Real people real music

The 'O Brother' soundtrack created a roots-music buzz, but its appeal was building well before that.

By , Special to The Christian Science Monitor

When a guest on her radio show played an Alison Krauss tune, Susie Barbour fell in love with the bluegrass/country/pop singer and fiddler. Learning that Krauss had recorded the Beatles and Todd Rundgren, Barbour ran to the record store.

Then she heard a song from the "O Brother, Where Art Thou?" soundtrack, which features Krauss, her bandmate Dan Tyminski, and other bluegrass greats. Barbour and 3 million other buyers made "O Brother" the surprise hit of 2001.

We're talking about bluegrass, old-time fiddle-banjo-mandolin mountain music, in a year when R&B, rap, metal, teen pop, and hip-hop dominated.

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The success of the "O Brother" soundtrack is the latest sign that Americans want to hear the hybrid blends of folk, blues, country, rockabilly, and regional sounds (zydeco, Cajun, native American) known as roots music, Americana, or its punk-edged cousin, alternative country. On a smaller scale, "The Buena Vista Social Club" album and documentary did the same for Cuban music.

" 'O Brother' for me has much the same resonance as (Nirvana's) 'Teen Spirit' had," says Grant Alden, co-founder/editor of No Depression, an alternative-country magazine based in Nashville, Tenn. "It's this moment in which something somehow gets into popular consciousness that isn't a manufactured emotion."

Dave Alvin, who co-founded the rockabilly/punk band the Blasters before going solo, prefers the term folk music, which he considers "indigenous rural music - or even, to some extent, urban music." Whether it's blues, Cajun, or Swedish fiddling in Minnesota, he says, "it's always been music of subcultures."

To idiom-defying banjo player Bela Fleck, roots music is "real people playing real music that expresses their feelings, their individuality, and their soul."

Singer/songwriter/playwright Alejandro Escovedo calls it "the ability to tell a story in a most basic form."

Virgin Records marketing vice president John Wooler, who co-produced the "I-10 Chronicles" albums of Americana heard along that Southern Interstate, says roots music is song-focused, "as opposed to following trends."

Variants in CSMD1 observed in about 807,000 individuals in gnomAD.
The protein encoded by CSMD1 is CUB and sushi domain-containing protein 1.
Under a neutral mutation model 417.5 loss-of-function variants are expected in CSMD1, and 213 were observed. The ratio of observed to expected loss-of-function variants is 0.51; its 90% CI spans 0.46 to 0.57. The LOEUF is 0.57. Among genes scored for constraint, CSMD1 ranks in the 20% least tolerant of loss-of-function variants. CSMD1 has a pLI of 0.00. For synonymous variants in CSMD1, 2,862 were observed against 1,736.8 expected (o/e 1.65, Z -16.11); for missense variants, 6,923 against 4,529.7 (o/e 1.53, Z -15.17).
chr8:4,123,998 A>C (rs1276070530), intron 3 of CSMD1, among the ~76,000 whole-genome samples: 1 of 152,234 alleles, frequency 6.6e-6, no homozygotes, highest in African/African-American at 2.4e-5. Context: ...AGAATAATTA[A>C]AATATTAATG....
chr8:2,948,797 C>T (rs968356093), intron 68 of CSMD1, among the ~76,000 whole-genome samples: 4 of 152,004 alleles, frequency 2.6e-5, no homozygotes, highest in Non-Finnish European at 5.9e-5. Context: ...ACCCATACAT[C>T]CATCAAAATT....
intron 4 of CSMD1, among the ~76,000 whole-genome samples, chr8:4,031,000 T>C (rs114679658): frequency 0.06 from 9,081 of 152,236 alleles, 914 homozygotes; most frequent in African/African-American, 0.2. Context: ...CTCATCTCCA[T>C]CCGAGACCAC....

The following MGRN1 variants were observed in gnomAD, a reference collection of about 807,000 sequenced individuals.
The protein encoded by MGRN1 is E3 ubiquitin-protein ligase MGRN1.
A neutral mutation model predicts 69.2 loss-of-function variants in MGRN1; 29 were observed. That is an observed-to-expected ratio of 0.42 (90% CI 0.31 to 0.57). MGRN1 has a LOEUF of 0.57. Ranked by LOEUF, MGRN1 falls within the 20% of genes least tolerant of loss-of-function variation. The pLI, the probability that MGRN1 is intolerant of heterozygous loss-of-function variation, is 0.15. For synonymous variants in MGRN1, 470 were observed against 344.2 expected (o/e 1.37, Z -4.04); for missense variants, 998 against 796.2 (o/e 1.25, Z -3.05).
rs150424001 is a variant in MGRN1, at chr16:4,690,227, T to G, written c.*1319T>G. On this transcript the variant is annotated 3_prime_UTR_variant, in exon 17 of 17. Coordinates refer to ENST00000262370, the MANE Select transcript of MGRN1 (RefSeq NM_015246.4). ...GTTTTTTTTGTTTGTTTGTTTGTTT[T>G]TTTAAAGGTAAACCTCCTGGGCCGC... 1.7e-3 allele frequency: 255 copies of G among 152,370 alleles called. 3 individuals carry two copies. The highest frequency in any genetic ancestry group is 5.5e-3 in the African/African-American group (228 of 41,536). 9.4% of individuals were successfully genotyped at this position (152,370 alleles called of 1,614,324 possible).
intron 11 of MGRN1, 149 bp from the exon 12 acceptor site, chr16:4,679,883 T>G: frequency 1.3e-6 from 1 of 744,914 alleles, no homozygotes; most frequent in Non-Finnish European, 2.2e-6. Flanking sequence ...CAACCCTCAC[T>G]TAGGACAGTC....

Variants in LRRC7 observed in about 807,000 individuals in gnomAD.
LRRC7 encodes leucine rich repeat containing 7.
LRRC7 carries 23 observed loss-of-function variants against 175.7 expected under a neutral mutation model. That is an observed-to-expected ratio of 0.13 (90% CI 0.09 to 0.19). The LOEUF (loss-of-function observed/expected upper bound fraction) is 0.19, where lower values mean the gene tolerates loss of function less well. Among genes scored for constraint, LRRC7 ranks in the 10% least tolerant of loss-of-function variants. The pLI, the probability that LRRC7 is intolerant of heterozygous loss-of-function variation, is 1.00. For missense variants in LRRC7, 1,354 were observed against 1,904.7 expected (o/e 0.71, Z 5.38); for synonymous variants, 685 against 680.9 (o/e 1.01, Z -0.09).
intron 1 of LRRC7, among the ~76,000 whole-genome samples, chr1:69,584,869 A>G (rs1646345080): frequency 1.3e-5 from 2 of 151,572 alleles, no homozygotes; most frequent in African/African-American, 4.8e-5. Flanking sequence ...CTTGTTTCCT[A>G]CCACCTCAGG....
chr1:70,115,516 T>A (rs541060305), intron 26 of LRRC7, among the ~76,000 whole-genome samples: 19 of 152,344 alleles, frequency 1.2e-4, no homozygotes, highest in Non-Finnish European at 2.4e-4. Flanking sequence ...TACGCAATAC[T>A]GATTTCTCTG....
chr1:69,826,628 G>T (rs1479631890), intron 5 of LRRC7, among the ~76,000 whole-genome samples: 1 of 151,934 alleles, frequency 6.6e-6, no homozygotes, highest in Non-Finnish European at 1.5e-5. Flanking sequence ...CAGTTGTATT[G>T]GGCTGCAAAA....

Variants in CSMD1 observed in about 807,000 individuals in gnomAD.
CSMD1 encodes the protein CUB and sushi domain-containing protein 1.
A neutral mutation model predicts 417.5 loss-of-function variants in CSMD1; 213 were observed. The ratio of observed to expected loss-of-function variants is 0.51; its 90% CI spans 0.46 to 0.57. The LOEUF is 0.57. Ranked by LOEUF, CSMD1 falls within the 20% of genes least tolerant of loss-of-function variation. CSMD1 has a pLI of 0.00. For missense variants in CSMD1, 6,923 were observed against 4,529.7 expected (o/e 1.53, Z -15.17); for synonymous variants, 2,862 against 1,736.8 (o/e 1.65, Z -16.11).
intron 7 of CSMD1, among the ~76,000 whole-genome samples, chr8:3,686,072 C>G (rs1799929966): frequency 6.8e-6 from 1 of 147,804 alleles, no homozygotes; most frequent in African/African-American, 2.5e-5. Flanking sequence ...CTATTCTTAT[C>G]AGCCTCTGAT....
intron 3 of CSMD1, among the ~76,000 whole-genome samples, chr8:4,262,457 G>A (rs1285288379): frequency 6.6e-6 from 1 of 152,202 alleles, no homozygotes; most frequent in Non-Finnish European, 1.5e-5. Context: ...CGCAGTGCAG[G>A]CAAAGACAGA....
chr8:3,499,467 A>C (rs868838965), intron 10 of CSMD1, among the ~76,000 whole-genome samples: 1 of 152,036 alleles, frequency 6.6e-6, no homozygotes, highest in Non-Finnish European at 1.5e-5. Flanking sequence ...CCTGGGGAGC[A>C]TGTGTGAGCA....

"O Brother" drew attention to Americana, but its appeal - and the historical documentation for it - was building well before that:

• "American Roots Music," the fall PBS documentary accompanied by a lavish book, box set, and DVD/video, began production in 1999. Similar projects include 2001's "Good Rockin' Tonight: the Legacy of Sun Records" and a coming six-part, Martin Scorsese-produced PBS series on the blues. On Jan. 16, PBS will tape an "All-Star Bluegrass Celebration" at Nashville's Ryman Auditorium for a March airing.

• Independent record labels such as Bloodshot, Red House, Vanguard, and Rounder are growing, and major labels now have Americana imprints, among them Virgin's Back Porch and Universal Music's Lost Highway, which has two of alt-country's hottest artists: Lucinda Williams and Ryan Adams.

• Americana is now a recognized radio format and the new Americana Music Association (co-founder Alden is president-elect), is seeking a separate Grammy category. An Atlanta company is establishing a national Americana cable channel.

• Statistics show a steady rise in sales of acoustic instruments, the foundation of roots music. NAMM International Music Products Association spokesman Dan Del Fiorentino reports that a record 910 million guitars were sold in 2000: 490 million electric, 420 million acoustic. The total includes 100 million other fretted stringed instruments. Though acoustics have not outsold electrics since the debut of the electric Fender Stratocaster in 1954, the numbers are closer now than they've been since the 1960s folk boom.

• Shows are already selling out for the "Brother" musicians' tour starting Jan. 25 in Lexington, Ky. Performers include Krauss and Tyminski, who sang "O Brother's" key song, "I Am a Man of Constant Sorrow."

Theories regarding Americana's popularity abound - though it must be noted that most of its practitioners disapprove of "genre-fying" music at all. Bloodshot co-owner Rob Miller suspects it's "disgust with the electronic-generated, board-room focus-group, pop-music drivel that's being crammed down our throats on the pop charts and on the country charts."

Robert Santelli, president and CEO of Seattle's Experience Music Project museum, says that CDs allowed baby boomers to replace scratchy old blues and bluegrass records - unsuitable for expensive turntables - and reconnect with that music. Hard rock also became less appealing, and they couldn't relate to gangsta rap or hip-hop, so they sought something rock-connected, but more comfortable.